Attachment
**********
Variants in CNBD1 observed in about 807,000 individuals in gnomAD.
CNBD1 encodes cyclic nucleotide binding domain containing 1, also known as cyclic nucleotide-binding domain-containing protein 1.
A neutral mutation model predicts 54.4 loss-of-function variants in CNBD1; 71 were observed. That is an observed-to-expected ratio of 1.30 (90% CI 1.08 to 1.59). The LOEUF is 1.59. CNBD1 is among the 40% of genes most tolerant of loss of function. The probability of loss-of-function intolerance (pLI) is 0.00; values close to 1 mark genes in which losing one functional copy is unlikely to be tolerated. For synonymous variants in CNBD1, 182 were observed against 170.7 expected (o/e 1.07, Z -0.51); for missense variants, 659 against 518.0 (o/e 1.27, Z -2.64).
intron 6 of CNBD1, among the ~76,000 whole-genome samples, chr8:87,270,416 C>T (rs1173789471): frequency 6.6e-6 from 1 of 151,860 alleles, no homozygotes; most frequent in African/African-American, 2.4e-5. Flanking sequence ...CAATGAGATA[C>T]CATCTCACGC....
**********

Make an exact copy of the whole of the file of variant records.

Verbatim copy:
Variants in CNBD1 observed in about 807,000 individuals in gnomAD.
CNBD1 encodes cyclic nucleotide binding domain containing 1, also known as cyclic nucleotide-binding domain-containing protein 1.
A neutral mutation model predicts 54.4 loss-of-function variants in CNBD1; 71 were observed. That is an observed-to-expected ratio of 1.30 (90% CI 1.08 to 1.59). The LOEUF is 1.59. CNBD1 is among the 40% of genes most tolerant of loss of function. The probability of loss-of-function intolerance (pLI) is 0.00; values close to 1 mark genes in which losing one functional copy is unlikely to be tolerated. For synonymous variants in CNBD1, 182 were observed against 170.7 expected (o/e 1.07, Z -0.51); for missense variants, 659 against 518.0 (o/e 1.27, Z -2.64).
intron 6 of CNBD1, among the ~76,000 whole-genome samples, chr8:87,270,416 C>T (rs1173789471): frequency 6.6e-6 from 1 of 151,860 alleles, no homozygotes; most frequent in African/African-American, 2.4e-5. Flanking sequence ...CAATGAGATA[C>T]CATCTCACGC....